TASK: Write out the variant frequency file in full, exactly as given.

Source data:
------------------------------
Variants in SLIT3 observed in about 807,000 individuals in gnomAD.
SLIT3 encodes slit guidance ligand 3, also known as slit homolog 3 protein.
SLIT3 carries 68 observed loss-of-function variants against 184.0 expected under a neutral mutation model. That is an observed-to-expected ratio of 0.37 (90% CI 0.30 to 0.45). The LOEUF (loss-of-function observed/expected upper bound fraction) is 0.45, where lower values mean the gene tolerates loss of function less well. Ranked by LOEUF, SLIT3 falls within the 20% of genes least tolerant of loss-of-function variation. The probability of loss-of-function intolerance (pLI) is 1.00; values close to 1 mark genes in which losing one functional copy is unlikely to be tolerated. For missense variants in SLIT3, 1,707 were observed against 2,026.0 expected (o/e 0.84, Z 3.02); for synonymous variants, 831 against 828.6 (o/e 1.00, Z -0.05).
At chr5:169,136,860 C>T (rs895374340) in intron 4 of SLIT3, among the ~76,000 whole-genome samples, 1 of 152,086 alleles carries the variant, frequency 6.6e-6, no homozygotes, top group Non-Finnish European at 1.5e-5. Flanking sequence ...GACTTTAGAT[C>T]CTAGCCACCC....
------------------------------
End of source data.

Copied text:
Variants in SLIT3 observed in about 807,000 individuals in gnomAD.
SLIT3 encodes slit guidance ligand 3, also known as slit homolog 3 protein.
SLIT3 carries 68 observed loss-of-function variants against 184.0 expected under a neutral mutation model. That is an observed-to-expected ratio of 0.37 (90% CI 0.30 to 0.45). The LOEUF (loss-of-function observed/expected upper bound fraction) is 0.45, where lower values mean the gene tolerates loss of function less well. Ranked by LOEUF, SLIT3 falls within the 20% of genes least tolerant of loss-of-function variation. The probability of loss-of-function intolerance (pLI) is 1.00; values close to 1 mark genes in which losing one functional copy is unlikely to be tolerated. For missense variants in SLIT3, 1,707 were observed against 2,026.0 expected (o/e 0.84, Z 3.02); for synonymous variants, 831 against 828.6 (o/e 1.00, Z -0.05).
At chr5:169,136,860 C>T (rs895374340) in intron 4 of SLIT3, among the ~76,000 whole-genome samples, 1 of 152,086 alleles carries the variant, frequency 6.6e-6, no homozygotes, top group Non-Finnish European at 1.5e-5. Flanking sequence ...GACTTTAGAT[C>T]CTAGCCACCC....